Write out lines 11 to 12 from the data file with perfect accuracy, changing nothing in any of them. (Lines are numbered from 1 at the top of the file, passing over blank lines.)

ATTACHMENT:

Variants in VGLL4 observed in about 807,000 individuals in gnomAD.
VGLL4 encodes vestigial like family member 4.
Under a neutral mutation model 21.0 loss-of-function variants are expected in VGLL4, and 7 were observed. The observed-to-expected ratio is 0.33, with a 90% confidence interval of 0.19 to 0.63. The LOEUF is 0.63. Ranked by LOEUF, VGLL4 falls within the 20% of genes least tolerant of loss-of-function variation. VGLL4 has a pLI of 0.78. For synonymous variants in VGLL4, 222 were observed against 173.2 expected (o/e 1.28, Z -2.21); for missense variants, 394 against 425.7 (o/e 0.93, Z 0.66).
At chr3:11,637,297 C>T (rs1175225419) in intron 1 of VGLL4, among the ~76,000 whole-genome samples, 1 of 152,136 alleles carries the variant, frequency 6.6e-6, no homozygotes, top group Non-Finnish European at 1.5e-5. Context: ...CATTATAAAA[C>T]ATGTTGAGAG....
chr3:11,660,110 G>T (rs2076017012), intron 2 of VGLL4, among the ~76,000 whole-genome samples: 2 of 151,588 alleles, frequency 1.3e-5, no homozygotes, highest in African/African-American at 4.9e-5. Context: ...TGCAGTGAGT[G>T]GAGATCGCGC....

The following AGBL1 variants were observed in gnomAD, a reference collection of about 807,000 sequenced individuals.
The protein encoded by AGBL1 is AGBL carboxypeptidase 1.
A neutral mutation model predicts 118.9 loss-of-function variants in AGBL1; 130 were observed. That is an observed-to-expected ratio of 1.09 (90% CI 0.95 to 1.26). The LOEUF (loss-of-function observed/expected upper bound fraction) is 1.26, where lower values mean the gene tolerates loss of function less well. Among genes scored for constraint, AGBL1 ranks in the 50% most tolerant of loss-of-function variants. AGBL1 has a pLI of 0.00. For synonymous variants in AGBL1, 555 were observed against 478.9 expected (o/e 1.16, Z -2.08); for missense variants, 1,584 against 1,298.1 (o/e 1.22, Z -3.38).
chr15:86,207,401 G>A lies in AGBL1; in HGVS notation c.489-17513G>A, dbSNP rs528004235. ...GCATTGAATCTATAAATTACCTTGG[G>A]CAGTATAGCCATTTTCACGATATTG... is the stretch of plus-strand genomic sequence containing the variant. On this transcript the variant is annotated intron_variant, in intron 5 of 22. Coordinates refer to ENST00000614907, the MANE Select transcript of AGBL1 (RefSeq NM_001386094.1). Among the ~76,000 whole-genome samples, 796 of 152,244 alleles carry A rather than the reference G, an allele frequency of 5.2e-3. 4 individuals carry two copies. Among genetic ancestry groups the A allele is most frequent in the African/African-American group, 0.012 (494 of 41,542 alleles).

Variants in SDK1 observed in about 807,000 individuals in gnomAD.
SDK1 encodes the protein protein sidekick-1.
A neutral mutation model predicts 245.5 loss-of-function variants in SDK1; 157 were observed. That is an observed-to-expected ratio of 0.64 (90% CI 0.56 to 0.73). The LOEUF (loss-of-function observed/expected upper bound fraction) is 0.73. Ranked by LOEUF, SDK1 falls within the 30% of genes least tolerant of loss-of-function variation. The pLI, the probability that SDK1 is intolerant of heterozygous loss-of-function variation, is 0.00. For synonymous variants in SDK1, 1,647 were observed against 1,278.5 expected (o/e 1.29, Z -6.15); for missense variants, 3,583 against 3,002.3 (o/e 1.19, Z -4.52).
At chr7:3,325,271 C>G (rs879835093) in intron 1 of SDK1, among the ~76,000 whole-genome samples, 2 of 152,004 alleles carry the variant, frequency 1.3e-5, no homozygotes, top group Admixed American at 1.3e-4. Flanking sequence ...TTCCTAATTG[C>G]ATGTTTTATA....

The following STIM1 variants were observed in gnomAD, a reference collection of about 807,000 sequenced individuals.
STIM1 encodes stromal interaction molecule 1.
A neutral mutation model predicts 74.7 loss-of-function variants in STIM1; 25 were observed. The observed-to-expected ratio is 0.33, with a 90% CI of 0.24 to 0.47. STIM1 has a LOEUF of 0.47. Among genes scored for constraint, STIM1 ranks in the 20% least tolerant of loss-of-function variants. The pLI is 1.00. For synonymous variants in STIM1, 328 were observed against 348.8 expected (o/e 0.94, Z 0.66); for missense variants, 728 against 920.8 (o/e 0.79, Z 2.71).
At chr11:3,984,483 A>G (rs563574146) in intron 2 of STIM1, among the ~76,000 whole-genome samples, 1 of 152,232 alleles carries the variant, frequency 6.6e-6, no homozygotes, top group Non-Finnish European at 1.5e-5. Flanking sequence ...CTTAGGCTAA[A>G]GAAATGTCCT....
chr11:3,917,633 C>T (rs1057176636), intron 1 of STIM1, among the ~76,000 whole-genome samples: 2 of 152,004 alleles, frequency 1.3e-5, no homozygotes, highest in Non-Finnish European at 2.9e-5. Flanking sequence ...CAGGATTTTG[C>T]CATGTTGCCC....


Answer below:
SDK1 encodes the protein protein sidekick-1.
A neutral mutation model predicts 245.5 loss-of-function variants in SDK1; 157 were observed. That is an observed-to-expected ratio of 0.64 (90% CI 0.56 to 0.73). The LOEUF (loss-of-function observed/expected upper bound fraction) is 0.73. Ranked by LOEUF, SDK1 falls within the 30% of genes least tolerant of loss-of-function variation. The pLI, the probability that SDK1 is intolerant of heterozygous loss-of-function variation, is 0.00. For synonymous variants in SDK1, 1,647 were observed against 1,278.5 expected (o/e 1.29, Z -6.15); for missense variants, 3,583 against 3,002.3 (o/e 1.19, Z -4.52).